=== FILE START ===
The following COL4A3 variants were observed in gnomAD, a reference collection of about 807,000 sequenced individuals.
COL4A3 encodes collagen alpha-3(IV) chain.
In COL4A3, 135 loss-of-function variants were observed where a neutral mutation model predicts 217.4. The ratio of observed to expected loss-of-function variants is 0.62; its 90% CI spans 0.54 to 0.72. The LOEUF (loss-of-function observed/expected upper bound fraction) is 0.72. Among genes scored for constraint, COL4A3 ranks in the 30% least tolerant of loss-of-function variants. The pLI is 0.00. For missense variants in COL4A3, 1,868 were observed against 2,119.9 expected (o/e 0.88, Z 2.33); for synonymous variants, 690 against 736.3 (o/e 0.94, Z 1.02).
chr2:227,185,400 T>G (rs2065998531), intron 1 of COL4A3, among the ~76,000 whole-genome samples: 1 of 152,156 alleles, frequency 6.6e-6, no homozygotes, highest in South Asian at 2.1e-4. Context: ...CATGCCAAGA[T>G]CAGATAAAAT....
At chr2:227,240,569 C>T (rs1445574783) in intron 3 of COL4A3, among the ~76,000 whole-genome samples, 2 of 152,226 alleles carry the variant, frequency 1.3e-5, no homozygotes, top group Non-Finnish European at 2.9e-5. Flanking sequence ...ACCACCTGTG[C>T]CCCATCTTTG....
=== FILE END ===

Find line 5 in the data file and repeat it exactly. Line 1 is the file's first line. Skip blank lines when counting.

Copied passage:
At chr2:227,240,569 C>T (rs1445574783) in intron 3 of COL4A3, among the ~76,000 whole-genome samples, 2 of 152,226 alleles carry the variant, frequency 1.3e-5, no homozygotes, top group Non-Finnish European at 2.9e-5. Flanking sequence ...ACCACCTGTG[C>T]CCCATCTTTG....